Training Sessions

The OntoSoft project is offering training sessions for geoscientists to learn best practices in software and data sharing, provenance documentation, and scholarly publication. These training sessions will be offered in different modalities throughout 2015. Training materials are freely available on line in this web site.

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Registration

There is no registration fee to attend these training sessions. To RSVP, please email us with your name, institution, and training session date.


Training Sessions

The training sessions (webinars and face-to-face) are all free of charge, but please register by emailing us. Additional webinars and sessions will be announced in this site and in the GPF general mailing list.

The training sessions are 3.5 hours, including a 30min break in the middle.

Here are more details about each session.

Webinars

  • August 4, 2015 at 10am PDT
  • September 16, 2015 at 10am PDT
  • November 9, 2015 at 9:30am PDT
  • June 7, 2016 at 10am PDT
  • July 15, 2016 at 10am PDT

Face-to-face training sessions

  • July 16, 2015 at 1:30pm at the 2015 ESIP Summer Meeting, Asilomar, CA
  • August 17, 2015 at 1:30pm at Woods Hole Oceanographic Institution (WHOI), Woods Hole, MA
  • September 28, 2015 at 8:30am at the National Center for Atmospheric Research (NCAR), Boulder, CO
  • September 28, 2015 at 1:30pm at the US Geological Survey (USGS), Denver, CO -- Will be webcast for remote participation
  • October 9, 2015 at 9am at Columbia University's Lamont–Doherty Earth Observatory (LDEO), Palisades, NY
  • October 28, 2015 at 9am at the Jet Propulsion Laboratory, Los Angeles, CA
  • October 30, 2015 at 1pm at the University of Texas at Austin's Jackson School of Geosciences, Austin, TX
  • November 2, 2015 at 2:45pm at the Annual Meeting of the Geological Society of America (GSA), Baltimore, MD
  • December 17, 2015 at 5:30pm at the Fall Meeting of the American Geophysical Union (AGU), San Francisco, CA
  • May 17, 2016 at 1:30pm at the CSDMS Annual Meeting, Boulder, CO
  • June 20, 2016 at the CEDAR/GEM Annual Meeting, Santa Fe, NM
  • September, 2016 at the California Institute of Technology, Pasadena, CA
  • October, 2016 at Stanford University, Palo Alto, CA

Additional training sessions will be offered upon request at community events and institutions. Please contact us to inquire.

Please subscribe to this mailing list if you would like to receive notifications of training sessions and other general announcements about GPF.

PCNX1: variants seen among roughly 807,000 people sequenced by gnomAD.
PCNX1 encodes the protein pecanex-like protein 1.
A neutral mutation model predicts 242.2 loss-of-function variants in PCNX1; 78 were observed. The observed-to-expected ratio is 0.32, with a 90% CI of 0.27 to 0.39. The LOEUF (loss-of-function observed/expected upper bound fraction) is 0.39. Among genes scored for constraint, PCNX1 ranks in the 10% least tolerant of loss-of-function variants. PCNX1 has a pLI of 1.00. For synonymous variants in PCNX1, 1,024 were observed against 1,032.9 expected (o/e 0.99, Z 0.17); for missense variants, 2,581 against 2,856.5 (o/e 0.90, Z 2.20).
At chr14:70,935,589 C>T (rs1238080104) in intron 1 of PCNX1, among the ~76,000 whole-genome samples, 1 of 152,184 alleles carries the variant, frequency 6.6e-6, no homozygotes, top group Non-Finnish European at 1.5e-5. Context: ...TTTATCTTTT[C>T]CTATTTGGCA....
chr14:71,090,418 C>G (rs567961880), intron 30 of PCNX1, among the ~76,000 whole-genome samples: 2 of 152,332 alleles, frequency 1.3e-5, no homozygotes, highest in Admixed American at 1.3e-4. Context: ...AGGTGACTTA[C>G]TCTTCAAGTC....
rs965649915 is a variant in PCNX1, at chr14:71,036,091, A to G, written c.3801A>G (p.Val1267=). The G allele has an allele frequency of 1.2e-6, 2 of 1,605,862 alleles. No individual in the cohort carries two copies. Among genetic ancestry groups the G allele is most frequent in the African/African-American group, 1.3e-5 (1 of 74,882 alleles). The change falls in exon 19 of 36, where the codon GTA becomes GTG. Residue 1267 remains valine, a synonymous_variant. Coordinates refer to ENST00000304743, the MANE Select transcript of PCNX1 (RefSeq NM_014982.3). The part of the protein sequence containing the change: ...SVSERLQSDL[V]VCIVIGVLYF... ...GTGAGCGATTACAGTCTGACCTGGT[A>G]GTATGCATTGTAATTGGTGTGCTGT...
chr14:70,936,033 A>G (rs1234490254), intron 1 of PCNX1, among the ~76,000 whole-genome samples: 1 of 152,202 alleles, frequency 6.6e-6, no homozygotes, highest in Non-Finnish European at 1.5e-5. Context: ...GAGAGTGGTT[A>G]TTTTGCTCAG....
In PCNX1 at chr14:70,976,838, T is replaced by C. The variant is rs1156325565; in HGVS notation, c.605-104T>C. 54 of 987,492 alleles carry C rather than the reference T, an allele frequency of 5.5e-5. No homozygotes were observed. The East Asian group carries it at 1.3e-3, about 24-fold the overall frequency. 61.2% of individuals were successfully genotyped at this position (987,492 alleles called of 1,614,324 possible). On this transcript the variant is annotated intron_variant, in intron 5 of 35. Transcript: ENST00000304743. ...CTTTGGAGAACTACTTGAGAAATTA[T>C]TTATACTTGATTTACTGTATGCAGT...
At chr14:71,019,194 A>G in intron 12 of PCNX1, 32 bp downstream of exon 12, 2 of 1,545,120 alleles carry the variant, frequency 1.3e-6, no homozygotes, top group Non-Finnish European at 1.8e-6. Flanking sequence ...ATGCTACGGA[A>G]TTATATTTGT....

Intended Audience

The training sessions have been attended by diverse audiences with different motivations:

  • geoscientists, interested in getting credit for the data and software they create, writing reproducible papers, and practicing open science
  • data specialists, seeking to document formally their complex data processing workflows
  • group leads and center directors, wanting an update on best practices and recommendations for open science to prepare for upcoming funding agency requirements concerning open science
  • students and early career researchers, eager to learn skills that will prepare them for future science practice

The training sessions do not assume any programming or computer science background. They begin teaching concepts, principles, and best practices, and then give practical recommendations and pointers to resources to implement them.


Training Topics

The training is divided into two sessions, each 90mins with a break in the middle. Training topics are listed below.

Topic Concepts covered
Scientific publications in the future An overview of the benefits of augmenting papers with data, software, and provenance, all properly documented and cited
Making data accessible How to publish data in a public shared repository, select and use a license, and cite it in an article
Making software accessible How to publish software in a public repository, select and use a license, and cite it in an article
Describing software with metadata How to describe general metadata about software so others can understand and use it
Describing the provenance of results How to describe provenance in terms of the computations that were executed in order to obtain the results reported in a paper
Describing methods as workflows How to describe general computational methods in a paper as data flow across software components

For each training topic, basic concepts and best practices are introduced. A summary at the end provides specific advice and pointers to implement those best practices.


OntoSoft GPF Instructors

Cedric David
Jet Propulsion Laboratory
California Institute of Technology
Ibrahim Demir
IIHR Hydroscience & Engineering Institute
University of Iowa
Robinson W. Fulweiler
Department of Earth and Environment
Department of Biology
Boston University
Yolanda Gil
Information Sciences Institute and
Department of Computer Science
University of Southern California
Chris Mattmann
Jet Propulsion Laboratory
California Institute of Technology
Ji-Hyun Oh
Jet Propulsion Laboratory
California Institute of Technology
Scott Peckham
Institute of Arctic and Alpine Research
University of Colorado at Boulder
Suzanne Pierce
Texas Advanced Computing Center and
Jackson School of Geosciences
University of Texas Austin
Varun Ratnakar
Information Sciences Institute
University of Southern California
Erin Robinson
Foundation for Earth Science
Mimi Tzeng
Data Management Center
Dauphin Island Sea Lab
Sandra Villamizar
Sierra Nevada Research Institute
University of California at Merced
Xuan Yu
Department of Geological Sciences
University of Delaware